Hurricane Energy has hailed the sale of 10million barrels of oil produced from the Lancaster field in the West of Shetland.
The operator said the landmark was reached at the end of August with the offloading of its 24th cargo.
Lancaster started up in May 2019, but under-performance of the field, along with a huge downgrade in resources, has been the source of Hurricane Energy’s woes.
The early production system at Lancaster, currently in place, is only expected to produce a total of 16 million barrels, down from 37.3m.
Meanwhile the total resource estimate from Lancaster and the adjacent Lincoln field was downgraded to 100m barrels.
A competent person’s report by RPS Energy in 2017 had given a figure of more than one billion barrels.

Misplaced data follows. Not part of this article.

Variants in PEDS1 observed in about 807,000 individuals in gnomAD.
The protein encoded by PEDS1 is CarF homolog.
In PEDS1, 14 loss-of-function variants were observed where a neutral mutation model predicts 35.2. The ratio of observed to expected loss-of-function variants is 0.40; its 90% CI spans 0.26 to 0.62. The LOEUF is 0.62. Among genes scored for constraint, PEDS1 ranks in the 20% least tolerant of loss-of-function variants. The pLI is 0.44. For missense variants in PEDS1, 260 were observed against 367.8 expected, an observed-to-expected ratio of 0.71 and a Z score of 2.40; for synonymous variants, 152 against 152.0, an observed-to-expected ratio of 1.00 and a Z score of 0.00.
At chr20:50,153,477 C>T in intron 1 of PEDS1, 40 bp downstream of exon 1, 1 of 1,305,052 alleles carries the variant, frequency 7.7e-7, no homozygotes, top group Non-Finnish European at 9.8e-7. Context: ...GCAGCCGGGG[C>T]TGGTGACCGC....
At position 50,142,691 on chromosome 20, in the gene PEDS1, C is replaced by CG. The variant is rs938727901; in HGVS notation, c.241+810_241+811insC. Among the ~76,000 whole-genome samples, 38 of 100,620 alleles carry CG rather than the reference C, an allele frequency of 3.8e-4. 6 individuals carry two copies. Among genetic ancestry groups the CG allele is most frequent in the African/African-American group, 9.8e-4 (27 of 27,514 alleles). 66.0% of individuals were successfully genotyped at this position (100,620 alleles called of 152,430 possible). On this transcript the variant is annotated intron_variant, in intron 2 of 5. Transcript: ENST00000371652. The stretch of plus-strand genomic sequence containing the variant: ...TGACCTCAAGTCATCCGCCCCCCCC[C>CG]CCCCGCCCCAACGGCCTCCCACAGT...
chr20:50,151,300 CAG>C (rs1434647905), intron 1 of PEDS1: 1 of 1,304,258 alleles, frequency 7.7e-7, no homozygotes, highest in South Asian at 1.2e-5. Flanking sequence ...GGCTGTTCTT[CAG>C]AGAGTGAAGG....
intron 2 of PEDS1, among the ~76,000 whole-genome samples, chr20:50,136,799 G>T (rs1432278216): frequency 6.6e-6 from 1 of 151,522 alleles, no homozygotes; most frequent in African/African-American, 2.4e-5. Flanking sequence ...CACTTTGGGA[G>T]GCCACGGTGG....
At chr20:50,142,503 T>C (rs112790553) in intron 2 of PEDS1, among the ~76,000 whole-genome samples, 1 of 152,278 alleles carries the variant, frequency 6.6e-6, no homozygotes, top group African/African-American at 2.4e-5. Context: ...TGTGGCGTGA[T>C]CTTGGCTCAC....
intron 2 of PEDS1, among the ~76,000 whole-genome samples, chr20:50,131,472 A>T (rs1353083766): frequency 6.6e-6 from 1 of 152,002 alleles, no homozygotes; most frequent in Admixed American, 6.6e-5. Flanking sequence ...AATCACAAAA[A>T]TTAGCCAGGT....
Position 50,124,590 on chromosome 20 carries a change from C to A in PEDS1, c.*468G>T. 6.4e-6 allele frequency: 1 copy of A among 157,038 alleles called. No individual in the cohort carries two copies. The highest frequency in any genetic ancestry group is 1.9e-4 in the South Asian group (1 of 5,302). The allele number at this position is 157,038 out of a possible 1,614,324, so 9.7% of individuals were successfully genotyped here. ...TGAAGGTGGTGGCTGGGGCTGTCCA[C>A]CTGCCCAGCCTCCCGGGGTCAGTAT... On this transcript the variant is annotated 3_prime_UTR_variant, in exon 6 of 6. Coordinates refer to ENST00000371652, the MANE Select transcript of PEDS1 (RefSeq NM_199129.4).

A restructuring plan proposed by the firm was rejected in June, seeing several board members jump ship and private equity fund Crystal Amber increase its holding to 25% the following month.
Hurricane needs to repay a convertible bond by July 2022, and has this week reduced the sum by $62m to $152million.
The company has net free cash flow of $144m.
Concerns have been raised about the ability of the firm to continue if it is not able to make a new charter agreement with Bluewater, owner of the Aoka Mizu production vessel for Lancaster.
Crystal Amber said in June that it expects the new board to focus on repaying the bonds at maturity, so that Hurricane can “fully capitalise on other opportunities within its portfolio”.
The next cargo is expected to be lifted in mid-October.
Hurricane will publish its interim results for the six months to June 30 on October 14.